Auction does not produce minified documents - make sure to minify its results before uploading them online to reduce their size. See minification for details.
🚧 New and Largely Untested
Auction is new and has not yet been extensively tested. I'll be relying on you to report bugs!

Getting Started


You need to have the following software installed to be able to use Auction:

The GNU implementation of Awk is explicitly required - you can check which implementation you have by running awk --version
Any version from the last decade should be fine
A POSIX-Compatible Shell
Any version


  1. Download

  2. Extract the archive

    tar xzf auction.tar.gz
  3. The org version of this manual is included with the installation to serve as a reference.

    Navigate to the directory and export it:

    cd auction; ./

    This will generate a manual.html file in the same directory.

This is how documents are exported with Auction: you execute with the path to the org file you want to export, and it'll generate an HTML file in the working directory.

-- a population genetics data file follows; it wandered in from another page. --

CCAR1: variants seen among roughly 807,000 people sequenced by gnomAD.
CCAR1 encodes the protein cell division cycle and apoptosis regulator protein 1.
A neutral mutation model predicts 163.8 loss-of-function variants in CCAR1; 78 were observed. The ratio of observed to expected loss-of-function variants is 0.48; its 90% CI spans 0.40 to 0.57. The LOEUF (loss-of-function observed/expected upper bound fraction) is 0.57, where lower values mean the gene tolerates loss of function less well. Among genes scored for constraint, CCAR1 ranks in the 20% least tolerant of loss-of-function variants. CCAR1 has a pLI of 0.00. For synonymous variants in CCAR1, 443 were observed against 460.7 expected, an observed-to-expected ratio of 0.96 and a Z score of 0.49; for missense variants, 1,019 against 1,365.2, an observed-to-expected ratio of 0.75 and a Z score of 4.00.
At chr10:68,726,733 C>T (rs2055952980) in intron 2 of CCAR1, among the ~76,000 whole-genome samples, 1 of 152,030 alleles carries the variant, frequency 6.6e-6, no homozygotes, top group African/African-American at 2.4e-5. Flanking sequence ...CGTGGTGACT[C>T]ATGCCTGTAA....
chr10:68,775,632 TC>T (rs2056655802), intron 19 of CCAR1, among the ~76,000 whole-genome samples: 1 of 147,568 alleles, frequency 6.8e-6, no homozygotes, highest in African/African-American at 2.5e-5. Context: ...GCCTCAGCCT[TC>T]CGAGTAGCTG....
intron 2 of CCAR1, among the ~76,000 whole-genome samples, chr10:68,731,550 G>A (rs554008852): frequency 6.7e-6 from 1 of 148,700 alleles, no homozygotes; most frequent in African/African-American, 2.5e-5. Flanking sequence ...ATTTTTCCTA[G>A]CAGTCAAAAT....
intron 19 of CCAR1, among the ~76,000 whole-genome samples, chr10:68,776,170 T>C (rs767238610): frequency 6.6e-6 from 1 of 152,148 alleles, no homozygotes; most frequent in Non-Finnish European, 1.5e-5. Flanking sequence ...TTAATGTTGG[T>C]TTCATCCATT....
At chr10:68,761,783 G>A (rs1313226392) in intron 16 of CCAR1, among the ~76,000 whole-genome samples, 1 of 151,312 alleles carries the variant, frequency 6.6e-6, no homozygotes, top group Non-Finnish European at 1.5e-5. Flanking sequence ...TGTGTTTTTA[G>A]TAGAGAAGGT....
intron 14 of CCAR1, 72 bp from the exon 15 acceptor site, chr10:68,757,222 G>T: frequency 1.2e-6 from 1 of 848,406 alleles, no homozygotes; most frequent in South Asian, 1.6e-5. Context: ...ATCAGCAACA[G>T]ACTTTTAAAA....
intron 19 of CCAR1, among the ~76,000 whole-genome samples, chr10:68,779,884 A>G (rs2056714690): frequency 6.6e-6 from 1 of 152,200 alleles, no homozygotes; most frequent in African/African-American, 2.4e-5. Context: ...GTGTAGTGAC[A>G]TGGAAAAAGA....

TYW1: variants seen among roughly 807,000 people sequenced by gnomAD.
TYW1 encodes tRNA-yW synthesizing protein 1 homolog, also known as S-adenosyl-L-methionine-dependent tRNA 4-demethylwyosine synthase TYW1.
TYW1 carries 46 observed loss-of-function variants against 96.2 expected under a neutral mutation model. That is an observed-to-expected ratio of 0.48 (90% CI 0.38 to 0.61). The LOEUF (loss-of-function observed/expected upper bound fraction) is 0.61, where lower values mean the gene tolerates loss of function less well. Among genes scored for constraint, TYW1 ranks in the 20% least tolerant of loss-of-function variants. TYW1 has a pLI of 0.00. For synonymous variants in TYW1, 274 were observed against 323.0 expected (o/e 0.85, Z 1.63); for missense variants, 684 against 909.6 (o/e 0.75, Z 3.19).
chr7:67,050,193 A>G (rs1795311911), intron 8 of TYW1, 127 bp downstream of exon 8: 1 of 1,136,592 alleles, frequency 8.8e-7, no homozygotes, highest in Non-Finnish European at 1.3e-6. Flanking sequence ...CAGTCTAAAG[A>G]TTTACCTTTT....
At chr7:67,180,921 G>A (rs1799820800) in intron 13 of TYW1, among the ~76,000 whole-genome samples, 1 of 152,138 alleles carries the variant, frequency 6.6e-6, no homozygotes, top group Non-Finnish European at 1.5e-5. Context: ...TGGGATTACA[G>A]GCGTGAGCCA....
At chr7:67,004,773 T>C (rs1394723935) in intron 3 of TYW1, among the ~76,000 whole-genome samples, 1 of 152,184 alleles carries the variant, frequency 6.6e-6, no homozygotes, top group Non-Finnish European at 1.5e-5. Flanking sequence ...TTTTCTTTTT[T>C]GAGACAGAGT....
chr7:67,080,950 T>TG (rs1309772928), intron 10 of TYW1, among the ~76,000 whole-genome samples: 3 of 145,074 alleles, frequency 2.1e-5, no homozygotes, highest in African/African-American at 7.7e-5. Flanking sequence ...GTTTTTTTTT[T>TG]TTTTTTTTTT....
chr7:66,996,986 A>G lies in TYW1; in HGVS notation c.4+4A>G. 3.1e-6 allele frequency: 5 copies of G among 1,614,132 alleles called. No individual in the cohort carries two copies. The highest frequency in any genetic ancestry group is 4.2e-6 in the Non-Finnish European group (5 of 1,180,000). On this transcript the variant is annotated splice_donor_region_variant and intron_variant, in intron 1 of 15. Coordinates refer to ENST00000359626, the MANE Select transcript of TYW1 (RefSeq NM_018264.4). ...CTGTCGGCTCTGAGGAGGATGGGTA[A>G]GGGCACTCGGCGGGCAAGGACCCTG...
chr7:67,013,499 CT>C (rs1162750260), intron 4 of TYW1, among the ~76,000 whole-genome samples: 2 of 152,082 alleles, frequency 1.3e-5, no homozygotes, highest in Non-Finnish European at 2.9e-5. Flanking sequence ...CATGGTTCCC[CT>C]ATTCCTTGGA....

The rest of this manual discusses everything there is to know about Auction in detail. But before you proceed you may want to take a moment here and take a look at the file you just exported to get a feel of things.


Auction uses a custom exporter written in AWK (which I originally wrote for a static site generator named Mossgreen) to translate org documents to HTML. As a consequence its capabilities differ from other exporters such as the default org export engine (ox.el) or pandoc.

In short Auction supports all the basics of org: headings, lists, links, bold, italic, underlined, strikethrough text, inline code, #+begin / #+end blocks, and a few export directives such as #+TITLE, #+DATE and #+META. Notably it does not support features like tables, comments and macros. I feel that this is a reasonable set of features to support, but if you think there's anything that's sorely missing feel free to reach out to me.


The following text effects are supported:

  • bold text with *

  • italic text with /

  • underlined text with _

  • strikethrough text with +

  • inline code with ~

These use the semantic HTML elements strong/em/ins/del. For inline code a span with the class inline-code is used. Delimiters can be escaped with backslashes, e.g. \* to avoid bold text. The text highlighting algorithm is not completely identical to org: for example in org escaped delimiters can be significant on the right-side of the text they're highlighting. But for the most part things should work the same.